Medusa said you're a fucking retard and a stone cold dumb ass beyotch.

Re:no, telcos 20+ years old don't get same conditi (0)

roman_mir (125474) | 1 year,12 days | (#43417913)

You want broadband internet? Crush city hall and hand control over to the state or federal government

- ha ha, I think this qualifies for mega crazy, do the same thing as before on a grander scale and expect different results.

I would suggest doing the opposite of what is known not to work and this means allowing people to exercise their property rights instead giving it up to any level of sata.... government bureaucrat.

Re:no, telcos 20+ years old don't get same conditi (2)

stonewolf (234392) | 1 year,12 days | (#43417987)

I live just out side of Austin (groan... there goes my property value...) and I've been watching this mess for a long time. Austin started to build a network like this one back in the '90s. Then the telcos used their pet politicos to get a law pass in Texas that makes it illegal for a City to build its own network. That was the end of high speed Internet hopes for cities in Texas. Then, AT&T. Verizon, Time Warner, and Comcast got pissed off because the cities were requiring them to build out what passed for high speed Internet through out entire cities if they wanted to build it at all. So..... they went to their pet politicos (the folks we refer as the people in the owners box at the legislature) and got the law changed so that only the state gets to tell them where they can or can't build their networks, so AT&T is putting in fiber to the curb in new developments with million dollar homes and in working class neighborhoods you are lucky to get minimal DSL.

Now Google is rolling out gigabit Internet to with in half a mile of my home, but not to my home. I could just cry. This is going to kill Round Rock. And, believe me, ever since Dell moved here Austin has been gunning for Round Rock.

Re:no, telcos 20+ years old don't get same conditi (4, Insightful)

ewhac (5844) | 1 year,12 days | (#43418041)

The problem is not laying down fiber or building infrastructure: The problem is that nobody else can because of contractual agreements. [ ... ]

Well, yes, that's part of it, but there are other hurdles as well.

For example, one of the reasons Kansas City got picked is that the municipality owns the poles. More precisely, as I recall, KCK owns all their poles, and KCMO owns many (most?) of the poles, with the rest owned by AT&T.

Another "problem" is local environmental regulations. I put "problem" in quotes because avoiding unnecessary environmental damage is a laudable goal. However, accomplishing this goal is usually a huge pain in the butt -- EIS reports take months to compile, and then can be challenged by essentially anyone for any reason. Where and how are you going to trench? Are there any legacy pollutants in the dirt? How will you handle that? What happens if you discover a culturally significant site while digging (e.g. Native American burial ground)? Will you need to disturb the protected osprey nest sitting on the seventh pole along the 400 block of Horton Street? What kind of fiber bundle are you pulling? Will it leach toxic materials in the heat/rain/snow? How much noise to you intend to make while doing this? Will the city have to re-route traffic around downtown while you're trenching?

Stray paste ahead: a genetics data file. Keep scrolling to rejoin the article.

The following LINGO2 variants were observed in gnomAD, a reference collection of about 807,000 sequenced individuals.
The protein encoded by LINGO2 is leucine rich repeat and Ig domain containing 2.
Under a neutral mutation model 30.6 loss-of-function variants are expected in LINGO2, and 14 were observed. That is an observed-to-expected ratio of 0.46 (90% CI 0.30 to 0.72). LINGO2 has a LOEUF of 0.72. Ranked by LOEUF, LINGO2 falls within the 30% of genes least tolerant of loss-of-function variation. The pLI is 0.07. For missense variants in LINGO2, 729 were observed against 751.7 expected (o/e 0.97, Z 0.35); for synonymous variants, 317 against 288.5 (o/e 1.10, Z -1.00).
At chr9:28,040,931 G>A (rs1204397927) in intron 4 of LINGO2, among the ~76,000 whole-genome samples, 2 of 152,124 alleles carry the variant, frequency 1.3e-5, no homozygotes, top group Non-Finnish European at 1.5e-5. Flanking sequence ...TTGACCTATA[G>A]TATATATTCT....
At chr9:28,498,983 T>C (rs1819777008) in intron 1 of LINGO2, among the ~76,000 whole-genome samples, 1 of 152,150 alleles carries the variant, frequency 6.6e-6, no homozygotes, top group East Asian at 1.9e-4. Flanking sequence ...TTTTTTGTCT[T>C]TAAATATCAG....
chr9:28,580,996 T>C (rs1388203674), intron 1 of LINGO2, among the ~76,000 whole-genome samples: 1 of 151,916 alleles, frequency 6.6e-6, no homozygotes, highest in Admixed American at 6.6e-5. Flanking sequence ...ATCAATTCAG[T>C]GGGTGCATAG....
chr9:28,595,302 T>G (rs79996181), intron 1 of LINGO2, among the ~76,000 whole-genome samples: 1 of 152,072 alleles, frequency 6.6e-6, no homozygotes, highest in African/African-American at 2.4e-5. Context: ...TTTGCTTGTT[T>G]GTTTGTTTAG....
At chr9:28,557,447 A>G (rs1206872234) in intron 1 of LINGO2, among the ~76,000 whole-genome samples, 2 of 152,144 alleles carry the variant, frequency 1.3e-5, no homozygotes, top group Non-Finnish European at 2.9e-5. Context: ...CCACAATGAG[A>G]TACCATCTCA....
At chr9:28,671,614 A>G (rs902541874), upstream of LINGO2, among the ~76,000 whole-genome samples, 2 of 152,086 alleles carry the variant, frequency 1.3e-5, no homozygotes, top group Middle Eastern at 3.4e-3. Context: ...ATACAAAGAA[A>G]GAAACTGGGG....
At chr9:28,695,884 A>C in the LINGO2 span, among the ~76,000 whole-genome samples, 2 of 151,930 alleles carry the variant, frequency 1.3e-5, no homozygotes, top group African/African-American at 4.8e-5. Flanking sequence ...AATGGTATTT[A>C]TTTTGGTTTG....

So, yeah, it can be a huge pain in the neck even without factoring in whiny incumbent competitors.

Re:no, telcos 20+ years old don't get same conditi (1)

tooyoung (853621) | 1 year,12 days | (#43417481)

Even if they provide equal or better, they've lost me. When you have absolute control and abuse your customers, why would they even entertain sticking with you when the playing field becomes level? You've already proven your customer service at that point.

Re:no, telcos 20+ years old don't get same conditi (1)

stonewolf (234392) | 1 year,12 days | (#43417915)

Yep, I was working for SBC (now known as AT&T) during the time you are talking about. SBC used the money to buy AT&T after buying everything else they could find that was worth buying, and that was cheap enough to buy.

Re:no, telcos 20+ years old don't get same conditi (1)

malbosher (795323) | 1 year,12 days | (#43418271)

that"s heresy one must not speak false of our corporate elders. good point, but i'm sure some corporate sycophant will try to rationalize your point..

Proof that capitalism doesn't work (5, Funny)

Anonymous Coward | 1 year,12 days | (#43416969)

What Google is doing is ruining the profit margins for AT&T by introducing a little something called "competition". This is, in many ways, a bad thing.

Show some respect for your elders and stop rocking the boat, Google. Know your place and stay there.

Re:Proof that capitalism doesn't work (1)

stonewolf (234392) | 1 year,12 days | (#43418015)

Ruining it? You must be joking.... Or, merely naive? Forcing AT&T to increase performance while decreasing price might, must might, reduce their profit margin from nearly infinite to something you can compute with long double precision. Remember AT&T used to make over 1200% profit on caller-id. And that was computed using the special accounting rules that only AT&T and the baby bells get to use.